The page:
Why are we not surprised that the New York Times has inspired Sally Kohn to tell the rest of us not to do something? The Times’ Alan Cowell seems very concerned that, in the aftermath of the Charlie Hebdo terrorist massacre and hostage crisis, France, which is planning to deploy 10,000 troops to guard against further terrorist attacks, is teetering on the edge of (over)reacting in a frightening, Bush-like manner:
The display of muscle by a government likely to face mounting questions about its failure to prevent the killings recalled the mood in the United States after the Sept. 11 attacks, when the authorities embarked on a broad front of measures to tighten security and provide legislation for more intrusive surveillance.
And it comes at a time when the United States is engaged in intense soul-searching, touched off in part by the release of a searing Senate report on the torture of terrorism suspects, over whether it turned itself into a garrison state after Sept. 11, 2001.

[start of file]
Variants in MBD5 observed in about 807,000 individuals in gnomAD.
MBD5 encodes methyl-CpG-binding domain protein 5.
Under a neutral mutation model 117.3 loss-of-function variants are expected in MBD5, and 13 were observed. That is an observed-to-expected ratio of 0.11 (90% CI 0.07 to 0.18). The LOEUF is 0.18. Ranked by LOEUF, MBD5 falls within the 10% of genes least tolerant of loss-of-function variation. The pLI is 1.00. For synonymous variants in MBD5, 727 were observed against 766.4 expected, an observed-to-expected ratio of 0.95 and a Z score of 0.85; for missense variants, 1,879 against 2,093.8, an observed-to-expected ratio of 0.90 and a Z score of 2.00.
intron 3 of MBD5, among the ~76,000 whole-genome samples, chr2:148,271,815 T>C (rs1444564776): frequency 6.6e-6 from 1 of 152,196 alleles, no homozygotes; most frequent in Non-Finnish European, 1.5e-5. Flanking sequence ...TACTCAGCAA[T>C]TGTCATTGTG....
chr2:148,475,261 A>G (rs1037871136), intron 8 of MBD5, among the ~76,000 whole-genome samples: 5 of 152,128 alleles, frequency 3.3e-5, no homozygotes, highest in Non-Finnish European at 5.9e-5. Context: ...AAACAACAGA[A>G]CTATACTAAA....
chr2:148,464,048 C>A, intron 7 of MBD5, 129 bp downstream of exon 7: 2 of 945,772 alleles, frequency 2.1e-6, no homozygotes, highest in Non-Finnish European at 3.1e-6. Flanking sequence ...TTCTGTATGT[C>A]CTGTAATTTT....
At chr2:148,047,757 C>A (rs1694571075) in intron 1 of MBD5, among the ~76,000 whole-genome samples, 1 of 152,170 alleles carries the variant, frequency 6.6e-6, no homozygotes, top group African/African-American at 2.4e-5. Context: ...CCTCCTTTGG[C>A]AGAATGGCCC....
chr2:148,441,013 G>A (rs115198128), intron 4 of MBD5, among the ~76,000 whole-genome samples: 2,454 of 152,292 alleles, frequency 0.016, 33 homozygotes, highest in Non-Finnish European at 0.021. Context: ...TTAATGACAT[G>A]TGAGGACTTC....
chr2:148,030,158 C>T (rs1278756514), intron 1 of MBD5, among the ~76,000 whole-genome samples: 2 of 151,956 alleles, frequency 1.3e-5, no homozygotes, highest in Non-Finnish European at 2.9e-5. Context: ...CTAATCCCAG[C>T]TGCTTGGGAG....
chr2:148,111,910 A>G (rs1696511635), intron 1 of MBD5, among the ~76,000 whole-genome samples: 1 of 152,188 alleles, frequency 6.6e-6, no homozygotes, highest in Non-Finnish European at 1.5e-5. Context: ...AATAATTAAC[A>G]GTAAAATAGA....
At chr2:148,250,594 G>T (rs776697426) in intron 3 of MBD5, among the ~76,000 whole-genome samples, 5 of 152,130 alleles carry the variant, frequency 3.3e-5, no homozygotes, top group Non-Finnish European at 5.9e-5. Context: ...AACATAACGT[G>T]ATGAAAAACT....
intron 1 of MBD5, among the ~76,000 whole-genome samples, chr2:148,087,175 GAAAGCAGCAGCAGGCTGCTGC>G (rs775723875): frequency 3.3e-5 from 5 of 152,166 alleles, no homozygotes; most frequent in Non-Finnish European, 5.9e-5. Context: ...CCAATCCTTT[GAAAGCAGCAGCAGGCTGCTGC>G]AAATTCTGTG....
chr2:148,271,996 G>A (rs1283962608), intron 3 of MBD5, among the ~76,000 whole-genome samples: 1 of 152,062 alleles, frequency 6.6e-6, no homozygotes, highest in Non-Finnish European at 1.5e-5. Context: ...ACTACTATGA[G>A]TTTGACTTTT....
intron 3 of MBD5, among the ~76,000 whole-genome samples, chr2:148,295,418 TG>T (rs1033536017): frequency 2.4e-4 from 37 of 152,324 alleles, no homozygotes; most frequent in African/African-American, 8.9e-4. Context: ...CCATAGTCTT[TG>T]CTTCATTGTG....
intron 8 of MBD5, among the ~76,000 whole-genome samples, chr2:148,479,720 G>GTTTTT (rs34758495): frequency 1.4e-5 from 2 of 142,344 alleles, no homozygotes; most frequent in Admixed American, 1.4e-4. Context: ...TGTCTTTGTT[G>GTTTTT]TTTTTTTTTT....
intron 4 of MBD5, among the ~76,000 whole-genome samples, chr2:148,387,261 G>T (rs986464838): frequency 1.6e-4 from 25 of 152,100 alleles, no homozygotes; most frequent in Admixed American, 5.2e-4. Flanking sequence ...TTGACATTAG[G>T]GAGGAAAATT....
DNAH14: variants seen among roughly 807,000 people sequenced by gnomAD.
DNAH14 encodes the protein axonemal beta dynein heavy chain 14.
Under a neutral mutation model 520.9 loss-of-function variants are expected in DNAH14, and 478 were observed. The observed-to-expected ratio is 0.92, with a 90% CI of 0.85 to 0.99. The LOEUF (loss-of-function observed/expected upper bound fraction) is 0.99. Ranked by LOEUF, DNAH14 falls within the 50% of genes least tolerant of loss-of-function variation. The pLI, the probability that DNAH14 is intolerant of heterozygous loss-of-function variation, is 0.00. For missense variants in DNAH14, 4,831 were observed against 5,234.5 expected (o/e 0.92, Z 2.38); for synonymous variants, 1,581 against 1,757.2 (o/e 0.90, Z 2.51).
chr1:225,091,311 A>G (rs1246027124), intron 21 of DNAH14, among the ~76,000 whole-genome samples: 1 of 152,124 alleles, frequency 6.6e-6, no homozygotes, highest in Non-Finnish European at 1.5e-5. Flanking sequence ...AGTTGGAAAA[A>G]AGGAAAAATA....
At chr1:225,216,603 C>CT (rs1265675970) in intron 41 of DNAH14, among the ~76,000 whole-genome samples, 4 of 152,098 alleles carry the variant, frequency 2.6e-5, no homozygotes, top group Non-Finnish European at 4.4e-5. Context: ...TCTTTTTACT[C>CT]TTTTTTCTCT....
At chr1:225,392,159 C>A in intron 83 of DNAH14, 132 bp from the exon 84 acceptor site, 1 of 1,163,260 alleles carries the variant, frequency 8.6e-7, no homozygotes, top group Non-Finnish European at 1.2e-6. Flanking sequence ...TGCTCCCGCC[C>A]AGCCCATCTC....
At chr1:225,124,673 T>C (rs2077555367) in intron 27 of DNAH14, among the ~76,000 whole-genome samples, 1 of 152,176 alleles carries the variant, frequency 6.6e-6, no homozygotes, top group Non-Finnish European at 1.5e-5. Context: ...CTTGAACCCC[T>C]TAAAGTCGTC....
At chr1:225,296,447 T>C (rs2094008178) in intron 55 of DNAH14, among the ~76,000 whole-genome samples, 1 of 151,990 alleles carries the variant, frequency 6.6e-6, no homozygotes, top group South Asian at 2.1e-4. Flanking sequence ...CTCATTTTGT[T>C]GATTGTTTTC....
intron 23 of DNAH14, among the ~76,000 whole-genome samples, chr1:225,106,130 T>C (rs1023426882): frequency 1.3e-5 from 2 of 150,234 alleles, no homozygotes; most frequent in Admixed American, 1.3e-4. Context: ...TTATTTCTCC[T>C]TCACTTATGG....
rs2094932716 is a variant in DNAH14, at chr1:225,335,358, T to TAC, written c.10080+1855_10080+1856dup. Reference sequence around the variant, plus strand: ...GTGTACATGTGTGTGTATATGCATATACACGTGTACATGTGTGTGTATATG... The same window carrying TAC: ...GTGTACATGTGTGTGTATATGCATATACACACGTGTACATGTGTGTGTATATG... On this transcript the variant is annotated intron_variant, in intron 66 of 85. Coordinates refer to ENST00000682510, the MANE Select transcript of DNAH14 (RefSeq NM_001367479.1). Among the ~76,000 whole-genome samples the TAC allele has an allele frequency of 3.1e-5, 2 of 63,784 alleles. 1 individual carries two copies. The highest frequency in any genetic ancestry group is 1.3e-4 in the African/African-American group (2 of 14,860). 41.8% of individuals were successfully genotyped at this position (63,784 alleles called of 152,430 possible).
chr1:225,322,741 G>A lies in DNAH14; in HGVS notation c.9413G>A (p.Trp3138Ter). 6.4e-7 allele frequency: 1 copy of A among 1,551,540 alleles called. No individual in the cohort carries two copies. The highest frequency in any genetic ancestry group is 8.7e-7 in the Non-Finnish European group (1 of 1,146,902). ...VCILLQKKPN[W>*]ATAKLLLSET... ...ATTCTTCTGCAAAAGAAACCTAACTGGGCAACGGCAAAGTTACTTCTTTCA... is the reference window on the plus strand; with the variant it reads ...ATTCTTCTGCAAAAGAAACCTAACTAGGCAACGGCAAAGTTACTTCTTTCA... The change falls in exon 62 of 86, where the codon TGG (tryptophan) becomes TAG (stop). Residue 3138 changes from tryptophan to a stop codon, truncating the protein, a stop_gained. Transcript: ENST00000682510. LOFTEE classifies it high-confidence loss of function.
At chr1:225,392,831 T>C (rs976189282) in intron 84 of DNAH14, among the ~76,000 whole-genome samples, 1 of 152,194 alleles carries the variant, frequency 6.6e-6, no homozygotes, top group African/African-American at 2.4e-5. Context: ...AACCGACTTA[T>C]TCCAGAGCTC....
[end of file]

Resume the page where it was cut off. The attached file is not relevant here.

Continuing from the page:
On the plus side, though, French President Francois Hollande has not endorsed any sort of Patriot Act, “reflecting his country’s longstanding aversion to what has been depicted as overly draconian American measures to protect national security.”
The lesson to be learned from France, then, is to be careful not to infringe on liberty.
As our president once told the United Nations, the future must not belong to those who slander the prophet of Islam. A few tweeters, however, remember when Kohn was happy to pass along this art piece that the Huffington Post didn’t hesitate to publish.